Chinese Tradition of Petitioning Strong, Despite Few Returns

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Petitioner Wu Zhiyin i

Petitioner Wu Zhiyin, a farmer from eastern Jiangsu province, with other out-of-towners seeking justice in Beijing. They've traveled to Beijing by bus, train and on foot, bearing stacks of documents related to their cases. Anthony Kuhn, NPR hide caption

itoggle caption Anthony Kuhn, NPR
Petitioner Wu Zhiyin

Petitioner Wu Zhiyin, a farmer from eastern Jiangsu province, with other out-of-towners seeking justice in Beijing. They've traveled to Beijing by bus, train and on foot, bearing stacks of documents related to their cases.

Anthony Kuhn, NPR
Dong Xuelu from central Hubei province. i

Dong Xuelu from central Hubei province collects wilted cabbage leaves that have been discarded by vendors at a nearby vegetable market. Andrea Hsu, NPR hide caption

itoggle caption Andrea Hsu, NPR
Dong Xuelu from central Hubei province.

Dong Xuelu from central Hubei province collects wilted cabbage leaves that have been discarded by vendors at a nearby vegetable market.

Andrea Hsu, NPR

Recent years have seen an increase in the number of protests in Beijing by Chinese citizens frustrated with corruption, crime and economic dislocations. Elderly men and women in ragged clothes can often be seen holding sit-ins, blocking officials' cars or kneeling in supplication around government offices and state media outlets in the Chinese capital. They often carry banners or sheaves of worn documents attesting to the abuses they claim to have suffered.

Many of these petitioners flock to Beijing's south side, to bring their cases to the complaints office of China's supreme court. They find lodging in dingy hostels, which charge a few cents for a space on a communal sleeping platform. The hostels often provide access to services such as copying documents and providing addresses of government offices.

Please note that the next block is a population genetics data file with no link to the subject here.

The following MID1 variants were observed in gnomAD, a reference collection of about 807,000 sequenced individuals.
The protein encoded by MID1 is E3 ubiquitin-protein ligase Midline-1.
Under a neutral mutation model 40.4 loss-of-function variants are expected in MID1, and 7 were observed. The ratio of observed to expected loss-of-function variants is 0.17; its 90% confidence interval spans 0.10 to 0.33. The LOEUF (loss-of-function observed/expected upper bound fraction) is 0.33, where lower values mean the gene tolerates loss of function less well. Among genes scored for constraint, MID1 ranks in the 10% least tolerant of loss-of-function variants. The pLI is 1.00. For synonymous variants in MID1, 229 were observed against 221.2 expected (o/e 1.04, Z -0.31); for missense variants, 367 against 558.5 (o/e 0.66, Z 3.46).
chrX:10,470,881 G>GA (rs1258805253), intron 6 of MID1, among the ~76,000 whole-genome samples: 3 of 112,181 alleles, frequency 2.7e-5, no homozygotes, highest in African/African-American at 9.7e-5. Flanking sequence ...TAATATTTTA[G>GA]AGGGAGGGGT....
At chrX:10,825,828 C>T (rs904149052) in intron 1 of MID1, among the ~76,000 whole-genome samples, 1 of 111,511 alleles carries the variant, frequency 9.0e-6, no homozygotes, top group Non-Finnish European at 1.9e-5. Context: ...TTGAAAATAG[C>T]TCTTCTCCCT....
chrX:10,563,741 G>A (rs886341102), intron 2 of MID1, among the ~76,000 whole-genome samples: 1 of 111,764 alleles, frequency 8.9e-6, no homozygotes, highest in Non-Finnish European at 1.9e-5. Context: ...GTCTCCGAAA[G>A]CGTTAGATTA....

One hostel resident is a slender woman named Ying Jinxian, from eastern Zhejiang province. She cries as she accuses her local communist party secretary of kidnapping her then 7-year-old son. After five years of fighting to get her son back, she finally took a megaphone to the residences of President Hu Jintao and Premier Wen Jiabao and pleaded her case as loudly as she could. She believes the leaders now know about her case.

Many of China's government departments have "Letters and Visits" offices to receive complaints. The complaints system allows citizens to report grievances to authorities, who are then supposed to instruct other government departments to resolve the problems.] It is a throwback to China's imperial days, when citizens could plead their cases all the way to the capital if they couldn't get justice at home.

Today, the petitioners' thinking is heavily influenced by this tradition. They're looking for an upright and sympathetic official to personally intervene in their case. One recent survey found that only 2 percent of petitioners in Beijing had their cases resolved by the "Letters and Visits" system. But many petitioners have no other choice, as the local courts and media tend to be under the control of local governments. Petitioners complain that the "Letters and Visits" system often hands their cases right back to the local officials who cause the problems in the first place. Some experts and scholars argue that the system is incompatible with the rule of law that China is trying to build and should therefore be scrapped.

Many petitioners believe that President Hu Jintao and Premier Wen Jiabao are on their side. They circulate government documents in which Hu Jintao has spoken sympathetically of protesters and petitioners. Hu and Wen's pledge to redirect government spending to basic rural services have helped to build an image of populist leaders who care about those who not benefited from China's economic growth.

Most of the petitioners are not protesting against the central government or communist party, but against abuses by local officials. Petitioners argue that the leadership's policies are good; it's just that local officials refuse to properly implement them. This argument is, in part, a tactic to secure the support of high officials. The leadership often finds it expedient to agree, blaming citizens' problems on wayward local officials.

"We farmers still have hope in Hu Jintao and Wen Jiabao because they abolished the agriculture tax after taking office," says Wu Zhiyin, a farmer from east China's Jiangsu province. A patient man with a tidy crew cut, Wu is in Beijing protesting against his local communist party secretary, whose son allegedly stabbed him after Wu complained to authorities about heavy local taxes. He rolls up his shirt and sweater to display what he says is the knife wound from the incident.

Despite their grim situation, Wu and others manage a bit of humor. Wu reads us a poem about his quest for justice. The wishful ending can be roughly translated as follows:

"We find Premier Wen Jiabao, and then find President Hu Jintao/The President's order the Premier carries out/The corrupt officials are then caught, no doubt/The criminals are at last indicted, and the people's wrongs are finally righted."

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